Patenting AI Innovations
Artificial intelligence (AI) is revolutionizing data analysis in many industries and has a wide range of applications. Since major investments are made in the technology and the resulting models and applications may have considerable value, it is relevant to consider how the resulting intellectual property can be protected
Patenting of AI inventions can be considered to be closely related to patentability of software. The patentability of software-implemented inventions varies from country to country. In Europe, a computer program is patentable if it performs an operation that has a “further technical effect”. In the US, the question of patentability of software is based on whether the method performed by the program is abstract or not. In practice, software can be patented in both Europe and the U.S. if it contributes to solving a technical problem.
Development of AI may involve several areas that can generate IP. In machine learning (ML), which is as subset of AI, a model is improved based on training data in order to make predictions or decisions. One development aspect may involve improvements to models or creation of new models. A second area relates to how the model is trained and could include, for example, new ways of providing useful data. A third area relates to the application in which the trained model is used and how it is integrated in a system or device.
- Are patents or trade secrets the best option for the IP solutions?
– Can the implementation be reverse-engineered?
– Will infringement be detectable?
- What are the chances of meeting the patentability requirements? How would a patent serve the business objectives?
- Will the scope of protection be broad enough?
- What is the life-time of the invention?
A first issue to deal with when patenting AI is eligibility. While there is still only limited case law, the European Patent Office (EPO) recognizes the increasing importance of AI. The European Patent Office (EPO) has updated the Guidelines for Examination to include a section on the patentability of AI and ML (GL-II, 3.3.1).
It is clear from these guidelines that the EPO views AI as a subset of mathematical methods. This means that AI-enhanced computational models and algorithms are not patentable as such. As an example, a new neural network model would not be patentable in itself. However, a specific technical use of a neural network may be patentable if it solves a technical problem. The guidelines provide two examples of applications that would be considered to have a technical character: 1) the use of a neural network in a heart-monitoring apparatus for the purpose of identifying irregular heartbeats, and 2) the classification of digital images, videos, audio or speech signals based on low-level features.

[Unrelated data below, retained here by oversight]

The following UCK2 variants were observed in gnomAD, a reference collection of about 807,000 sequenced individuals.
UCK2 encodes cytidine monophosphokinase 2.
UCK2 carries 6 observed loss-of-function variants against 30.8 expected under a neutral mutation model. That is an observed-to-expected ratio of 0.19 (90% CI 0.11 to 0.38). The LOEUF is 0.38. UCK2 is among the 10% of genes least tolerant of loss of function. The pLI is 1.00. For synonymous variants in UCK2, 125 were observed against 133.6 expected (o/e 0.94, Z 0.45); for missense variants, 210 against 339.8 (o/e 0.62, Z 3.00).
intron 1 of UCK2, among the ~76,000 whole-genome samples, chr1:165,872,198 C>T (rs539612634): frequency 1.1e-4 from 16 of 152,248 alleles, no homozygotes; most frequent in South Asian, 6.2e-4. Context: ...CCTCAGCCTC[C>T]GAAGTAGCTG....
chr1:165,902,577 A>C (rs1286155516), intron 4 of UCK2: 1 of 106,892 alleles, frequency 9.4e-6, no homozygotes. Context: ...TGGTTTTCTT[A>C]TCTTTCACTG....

In the U.S., there are no specific guidelines for AI yet. In 2019, the USPTO released revised guidance on patent subject-matter eligibility, including software, abstract ideas, and mathematical concepts. The revised guidance may be applied to claims within AI and ML. A patent eligible example is a computer-implemented method of training a neural network for facial detection, comprising collecting a set of digital facial images, applying transformations to the digital facial image, creating training sets, and training a model using the training sets.
If the AI innovation meets the criteria on eligibility, the next hurdle is novelty and inventive step. An invention must be new and inventive to be patented. While the case law is evolving, it is likely that it will be difficult to patent standard ML technology in a new application without a further non-obvious contribution to the field of technology.
However, if the AI/ML needs to be adapted to the technical field it may be seen as nonobvious. Moreover, improvements in model, training or application that contribute to the technical use may improve the chances of obtaining a patent.
Identifying the invention
What technical contribution does the invention make?
Is the model itself improved? Does it improve the functioning of the computer itself or another technical process?
Does the invention involve a new way of training a model? Does the training involve technical aspects?
How is the trained model applied? Is it integrated or used in a new way in a technical application?
In summary, AI and ML inventions are patentable, provided that the specific invention makes a non-obvious contribution to a technology. In order to increase the chances of obtaining a patent, a number of considerations need to be taken into account when drafting the patent application, including solving a technical problem and details about the algorithms. Since the requirements vary between the major patent offices, different angles and approaches will have to be included when drafting the patent application.
Need to know more?
If you wish to know more about patenting of AI, please feel free to contact any of HØIBERG’s experts.